Deri suspected of tax evasion amounting to NIS 2 million
The interior minister is suspected of fraud and breach of trust, perjury, tax evasion and money laundering in 4 different cases, including the sale and acquisition of properties, and money he received and failed to report to the proper authorities.
The Israel Police and the Israel Tax Authority said Tuesday there was sufficient evidence to indict the Shas leader in a number of cases for fraud and breach of trust, perjury, tax evasion and money laundering.
The affair began with a covert investigation by the police and the Money Laundering and Terror Finance Prohibition Authority over suspicions of unusual activity in the bank accounts of Minister Deri and his family members.
Investigators noticed transfers of hundreds of thousands of shekels from businessmen to the minister's family—some before his return to politics and some after.
The first case against Deri deals with the sale of apartments and lands in Jerusalem's Givat Shaul neighborhood owned by the minister to his brother, attorney Shlomo Deri. While the deals were reported to the Tax Authority, they were reported at only 50 percent of their real worth. Tax Authority investigators suspect Deri and his brother tried to evade the full payment of two kinds of taxes—purchase tax and capital gains tax on real estate.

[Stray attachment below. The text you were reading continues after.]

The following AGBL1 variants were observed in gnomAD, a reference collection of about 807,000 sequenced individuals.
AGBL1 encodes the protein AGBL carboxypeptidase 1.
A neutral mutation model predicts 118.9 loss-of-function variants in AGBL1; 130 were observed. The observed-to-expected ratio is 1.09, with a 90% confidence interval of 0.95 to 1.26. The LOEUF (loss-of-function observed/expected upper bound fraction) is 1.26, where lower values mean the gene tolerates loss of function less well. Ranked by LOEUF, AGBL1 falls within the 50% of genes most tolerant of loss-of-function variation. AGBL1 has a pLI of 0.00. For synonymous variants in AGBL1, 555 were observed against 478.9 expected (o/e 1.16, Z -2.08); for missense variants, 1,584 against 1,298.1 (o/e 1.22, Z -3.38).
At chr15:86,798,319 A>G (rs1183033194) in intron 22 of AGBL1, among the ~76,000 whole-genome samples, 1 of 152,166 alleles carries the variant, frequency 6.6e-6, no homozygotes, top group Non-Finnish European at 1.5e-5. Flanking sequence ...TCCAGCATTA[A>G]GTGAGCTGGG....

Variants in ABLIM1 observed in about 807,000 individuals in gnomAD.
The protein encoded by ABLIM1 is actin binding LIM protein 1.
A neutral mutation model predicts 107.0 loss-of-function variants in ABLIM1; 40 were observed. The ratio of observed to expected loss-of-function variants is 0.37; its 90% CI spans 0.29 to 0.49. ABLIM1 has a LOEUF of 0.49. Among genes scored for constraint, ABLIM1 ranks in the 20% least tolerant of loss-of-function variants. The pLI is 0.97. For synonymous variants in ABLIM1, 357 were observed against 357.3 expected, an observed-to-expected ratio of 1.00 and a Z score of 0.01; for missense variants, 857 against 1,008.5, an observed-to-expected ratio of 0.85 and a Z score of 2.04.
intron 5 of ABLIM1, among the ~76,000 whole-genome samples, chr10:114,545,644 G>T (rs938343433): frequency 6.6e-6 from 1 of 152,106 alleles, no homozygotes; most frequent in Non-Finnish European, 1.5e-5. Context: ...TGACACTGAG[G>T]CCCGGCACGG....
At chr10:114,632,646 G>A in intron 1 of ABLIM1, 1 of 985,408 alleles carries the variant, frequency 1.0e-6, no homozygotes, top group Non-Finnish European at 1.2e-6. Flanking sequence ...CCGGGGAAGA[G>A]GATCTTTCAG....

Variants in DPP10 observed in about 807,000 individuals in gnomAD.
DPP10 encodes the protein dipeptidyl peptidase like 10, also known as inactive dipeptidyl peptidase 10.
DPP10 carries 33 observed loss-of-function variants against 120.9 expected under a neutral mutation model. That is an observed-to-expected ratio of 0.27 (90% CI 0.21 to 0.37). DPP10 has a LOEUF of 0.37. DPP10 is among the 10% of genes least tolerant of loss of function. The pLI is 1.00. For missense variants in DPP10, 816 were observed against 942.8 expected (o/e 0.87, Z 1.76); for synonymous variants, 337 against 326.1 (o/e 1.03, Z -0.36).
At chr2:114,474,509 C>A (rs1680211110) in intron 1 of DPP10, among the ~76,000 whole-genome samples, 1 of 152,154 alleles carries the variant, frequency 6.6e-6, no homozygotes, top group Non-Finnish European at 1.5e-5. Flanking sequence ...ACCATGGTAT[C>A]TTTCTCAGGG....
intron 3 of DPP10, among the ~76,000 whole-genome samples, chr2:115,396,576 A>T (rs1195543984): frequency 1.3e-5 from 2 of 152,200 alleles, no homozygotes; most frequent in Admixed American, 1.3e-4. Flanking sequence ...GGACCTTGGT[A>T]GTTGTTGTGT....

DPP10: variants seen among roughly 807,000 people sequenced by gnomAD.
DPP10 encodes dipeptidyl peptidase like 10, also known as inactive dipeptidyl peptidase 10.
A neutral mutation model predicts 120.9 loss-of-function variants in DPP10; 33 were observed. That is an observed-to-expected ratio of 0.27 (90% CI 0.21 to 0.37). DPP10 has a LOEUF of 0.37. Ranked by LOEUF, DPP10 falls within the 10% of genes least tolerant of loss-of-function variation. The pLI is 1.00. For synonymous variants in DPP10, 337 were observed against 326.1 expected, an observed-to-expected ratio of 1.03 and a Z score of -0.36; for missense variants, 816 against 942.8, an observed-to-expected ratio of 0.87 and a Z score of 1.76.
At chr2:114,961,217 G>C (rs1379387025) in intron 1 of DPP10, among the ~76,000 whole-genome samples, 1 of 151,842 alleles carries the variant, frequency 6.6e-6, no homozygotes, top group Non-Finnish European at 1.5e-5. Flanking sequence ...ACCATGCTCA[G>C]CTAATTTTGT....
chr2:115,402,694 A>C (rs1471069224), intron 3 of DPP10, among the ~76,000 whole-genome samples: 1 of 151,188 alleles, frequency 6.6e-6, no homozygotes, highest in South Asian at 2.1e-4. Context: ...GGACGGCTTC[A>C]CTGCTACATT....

In the second case, Minister Deri is suspected of tax evasion in a deal to purchase a lot in Moshav Safsufa (Kfar Hoshen), in northern Israel. The land owner received NIS 500,000 in cash, the property was listed under Deri's daughter and son-in-law's names, and the sum was not reported to the Tax Authority.
In addition, three contractors who built the Deri family's vacation home on the lot, as well as a handyman who worked on the property, received their pay in cash money, which came from an unknown source. Here, too, the payments were not reported to the Tax Authority.
In a third case, Deri is suspected of failing to report money he received from business elements—to the Tax Authority, the Knesset and the State Comptroller.
The fourth case concerns a NIS 200,000 loan Deri received—when he was not in office as an MK or minister—from businessman Ilan Sharabi. Deri failed to report the loan to the Knesset Speaker and the State Comptroller after being elected to parliament, and did not pay back the loan to Sharabi. When confronted about the matter, Deri explained he "forgot" about it. Later, he intervened in a legal matter to benefit Sharabi's interests.
After the police and Tax Authority announced there was sufficient evidence to indict Deri, the minister's office said in response: "We believe that when the prosecution examines the matter, the suspicions will be lifted, and it would become clear Minister Deri did not break the law."